If you’ve spent a reasonable amount of time on the internet recently you’ll likely have noticed that we have been bombarded by a great deal of productivity-based blog posts and articles filled with advice on ‘how to stay motivated’ or ‘how to motivate your team’, or ‘ how to be productive by staying motivated’, or ‘how motivation is key to success ’. The list goes on ad nauseum…
Truth is, motivation is important. Motivation will make you rally, put yourself into overdrive and do the things you need to do. What is not true though, is the claim that all of your success, productivity and so on comes down solely to being motivated.
In the real world, in which the great majority of us live, it is cold hard discipline that keeps you going.
Just think about it – how often do you feel motivated to take your meter readings? How often do you actually feel motivated to wake up at 7am to go to work? The truth is, most days and in most of the things we do, we are human – imperfect, and inherently slightly lazy. This is perfectly normal, and it is high time we accepted that. Yet we do these things anyway. Why? Because they need to be done; no other reason. It is self-discipline that drives us to do things when we do not feel ‘motivated’.
How does this translate into the workplace environment?
Let me give you an example – you have a job that on a day-to-day basis you really enjoy and feel it is rewarding. Yet how many of you have felt the ‘3pm slump’? Or the ‘Friday afternoon’, or the ‘Monday morning’ for that matter? My bet is you were probably not feeling very productive at that time, even if you had quite a lot of things that you needed to do. The way to defeat these dips in productivity, to be able to revert to an unwavering discipline, is to recognise that things need to be done. It is your job, after all, especially when it is one that you enjoy (most of the time).
There is a flip-side to this, though.
Let’s be honest with ourselves – when we do things based only on the discipline of having to do them, we are less likely to put all of our effort or passion into it. And once again, that is human; we all function that way. What we need to admit to ourselves and understand in others, is that motivation – that is, the desire to do things – is what carries you towards the goal of 100%.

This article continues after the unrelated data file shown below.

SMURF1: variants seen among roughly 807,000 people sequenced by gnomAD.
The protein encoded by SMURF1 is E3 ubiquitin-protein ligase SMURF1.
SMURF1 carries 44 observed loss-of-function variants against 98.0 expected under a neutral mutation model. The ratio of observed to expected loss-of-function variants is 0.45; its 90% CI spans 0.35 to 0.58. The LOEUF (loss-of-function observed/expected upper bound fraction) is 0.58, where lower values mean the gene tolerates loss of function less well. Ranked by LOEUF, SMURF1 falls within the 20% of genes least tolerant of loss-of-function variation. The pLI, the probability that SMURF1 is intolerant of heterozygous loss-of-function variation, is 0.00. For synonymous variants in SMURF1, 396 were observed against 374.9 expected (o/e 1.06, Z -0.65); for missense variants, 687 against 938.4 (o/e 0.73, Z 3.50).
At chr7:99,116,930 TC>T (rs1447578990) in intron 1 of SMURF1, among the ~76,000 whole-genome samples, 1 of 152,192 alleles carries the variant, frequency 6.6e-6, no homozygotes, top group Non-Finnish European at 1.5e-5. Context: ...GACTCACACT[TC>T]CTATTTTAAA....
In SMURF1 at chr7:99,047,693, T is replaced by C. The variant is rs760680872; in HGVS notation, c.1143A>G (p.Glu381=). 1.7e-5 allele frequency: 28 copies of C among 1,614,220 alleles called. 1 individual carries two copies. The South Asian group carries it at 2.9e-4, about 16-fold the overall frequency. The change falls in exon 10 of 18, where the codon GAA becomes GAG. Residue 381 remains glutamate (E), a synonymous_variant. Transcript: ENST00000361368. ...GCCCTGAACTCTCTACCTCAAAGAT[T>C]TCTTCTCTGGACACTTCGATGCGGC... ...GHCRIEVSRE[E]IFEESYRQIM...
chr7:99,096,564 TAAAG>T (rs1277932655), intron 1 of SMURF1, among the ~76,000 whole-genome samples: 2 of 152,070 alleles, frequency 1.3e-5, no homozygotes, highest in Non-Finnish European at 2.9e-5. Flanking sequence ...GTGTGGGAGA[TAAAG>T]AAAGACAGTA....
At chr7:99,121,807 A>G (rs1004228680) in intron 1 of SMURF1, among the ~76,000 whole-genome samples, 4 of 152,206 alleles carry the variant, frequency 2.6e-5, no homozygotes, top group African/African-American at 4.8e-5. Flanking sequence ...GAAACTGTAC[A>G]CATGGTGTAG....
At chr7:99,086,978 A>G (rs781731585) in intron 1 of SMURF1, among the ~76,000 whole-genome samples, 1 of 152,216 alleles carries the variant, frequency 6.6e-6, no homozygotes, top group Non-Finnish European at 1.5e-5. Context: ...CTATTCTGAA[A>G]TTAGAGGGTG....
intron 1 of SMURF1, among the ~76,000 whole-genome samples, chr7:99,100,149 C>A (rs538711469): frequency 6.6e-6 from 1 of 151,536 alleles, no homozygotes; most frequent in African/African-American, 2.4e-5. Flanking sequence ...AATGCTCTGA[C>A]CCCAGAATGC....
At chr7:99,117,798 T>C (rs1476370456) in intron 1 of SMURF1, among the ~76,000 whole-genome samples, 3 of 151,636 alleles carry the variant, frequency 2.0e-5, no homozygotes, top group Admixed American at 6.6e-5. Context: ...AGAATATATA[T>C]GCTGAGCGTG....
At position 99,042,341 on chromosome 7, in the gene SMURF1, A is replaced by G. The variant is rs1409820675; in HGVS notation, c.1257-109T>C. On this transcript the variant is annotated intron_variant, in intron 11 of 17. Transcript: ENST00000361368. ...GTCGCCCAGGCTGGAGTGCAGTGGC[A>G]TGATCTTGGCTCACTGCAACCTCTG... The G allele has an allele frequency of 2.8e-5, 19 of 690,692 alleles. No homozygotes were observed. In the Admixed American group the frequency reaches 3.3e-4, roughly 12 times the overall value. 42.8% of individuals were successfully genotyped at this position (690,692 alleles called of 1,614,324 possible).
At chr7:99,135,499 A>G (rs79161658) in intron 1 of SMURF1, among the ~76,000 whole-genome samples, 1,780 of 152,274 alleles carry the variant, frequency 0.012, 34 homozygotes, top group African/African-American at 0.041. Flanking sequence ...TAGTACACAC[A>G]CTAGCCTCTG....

However, even saying that, no matter how motivated you are even the very best can only keep up the 100% activity for so long.
This is where the Spitfires come in! The what?! Yes, Spitfires. As the title of this post promised.
What do WW2 fighter planes have in common with worker productivity and activity? I find it sobering to underline humanity by comparing it to machinery.
The way a Spitfire’s engine operates is quite dedicated for one purpose – to win air fights. How does it achieve this goal? The way a pilot is supposed to operate a Spitfire, is to run the engine at 80-85% of power for the journey to the target (say, some 500 miles, for several hours) and upon reaching the target area, cranking up the engine to 100%, effectively put it into overdrive for dogfighting that would last for anywhere between 5 to 30 minutes. In this time, the engine running at 100% would use up a great amount of fuel and overheat. Given that the pilot was skilful – and, remember, had to make the journey home – he would turn it back down to 80% to cool it down and conserve fuel to get it back to the airfield. I see quite a good parallel here – most of us do operate at 80% for most of the time, so that we are able to work at full pelt when necessary. Otherwise, the chances of being burnt-out increase exponentially!
At the end of the day, motivation is important, but only if it has a good base in the discipline you need to start doing the things that need doing.
Motivation without the necessary discipline to know what needs to be done (rather than what you feel you could do) could soon see you having an activity level of near 100%, with actual productivitybeing nowhere near it, and in the end leading to you feeling burnt out by doing too many unrelated things at once!